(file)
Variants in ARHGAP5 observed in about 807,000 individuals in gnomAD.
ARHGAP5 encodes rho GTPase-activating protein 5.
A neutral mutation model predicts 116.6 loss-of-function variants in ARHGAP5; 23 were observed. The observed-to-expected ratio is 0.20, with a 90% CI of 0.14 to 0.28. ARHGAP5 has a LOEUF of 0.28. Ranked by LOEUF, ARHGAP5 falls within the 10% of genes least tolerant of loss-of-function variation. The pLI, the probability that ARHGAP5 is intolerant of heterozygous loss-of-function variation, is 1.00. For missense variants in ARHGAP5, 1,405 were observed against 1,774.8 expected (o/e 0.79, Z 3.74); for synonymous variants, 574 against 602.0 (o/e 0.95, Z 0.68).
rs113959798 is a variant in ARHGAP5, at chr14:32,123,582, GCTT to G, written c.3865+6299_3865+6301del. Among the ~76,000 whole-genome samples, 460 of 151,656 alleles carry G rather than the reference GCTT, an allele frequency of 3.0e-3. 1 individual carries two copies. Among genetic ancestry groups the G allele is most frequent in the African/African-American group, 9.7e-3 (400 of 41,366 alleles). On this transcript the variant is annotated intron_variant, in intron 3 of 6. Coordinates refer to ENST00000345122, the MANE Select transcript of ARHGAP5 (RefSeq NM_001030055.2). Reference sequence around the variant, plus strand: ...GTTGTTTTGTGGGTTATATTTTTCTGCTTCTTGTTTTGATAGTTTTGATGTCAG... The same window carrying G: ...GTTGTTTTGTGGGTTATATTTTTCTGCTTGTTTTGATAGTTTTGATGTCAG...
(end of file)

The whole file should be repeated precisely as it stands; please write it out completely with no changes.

Variants in ARHGAP5 observed in about 807,000 individuals in gnomAD.
ARHGAP5 encodes rho GTPase-activating protein 5.
A neutral mutation model predicts 116.6 loss-of-function variants in ARHGAP5; 23 were observed. The observed-to-expected ratio is 0.20, with a 90% CI of 0.14 to 0.28. ARHGAP5 has a LOEUF of 0.28. Ranked by LOEUF, ARHGAP5 falls within the 10% of genes least tolerant of loss-of-function variation. The pLI, the probability that ARHGAP5 is intolerant of heterozygous loss-of-function variation, is 1.00. For missense variants in ARHGAP5, 1,405 were observed against 1,774.8 expected (o/e 0.79, Z 3.74); for synonymous variants, 574 against 602.0 (o/e 0.95, Z 0.68).
rs113959798 is a variant in ARHGAP5, at chr14:32,123,582, GCTT to G, written c.3865+6299_3865+6301del. Among the ~76,000 whole-genome samples, 460 of 151,656 alleles carry G rather than the reference GCTT, an allele frequency of 3.0e-3. 1 individual carries two copies. Among genetic ancestry groups the G allele is most frequent in the African/African-American group, 9.7e-3 (400 of 41,366 alleles). On this transcript the variant is annotated intron_variant, in intron 3 of 6. Coordinates refer to ENST00000345122, the MANE Select transcript of ARHGAP5 (RefSeq NM_001030055.2). Reference sequence around the variant, plus strand: ...GTTGTTTTGTGGGTTATATTTTTCTGCTTCTTGTTTTGATAGTTTTGATGTCAG... The same window carrying G: ...GTTGTTTTGTGGGTTATATTTTTCTGCTTGTTTTGATAGTTTTGATGTCAG...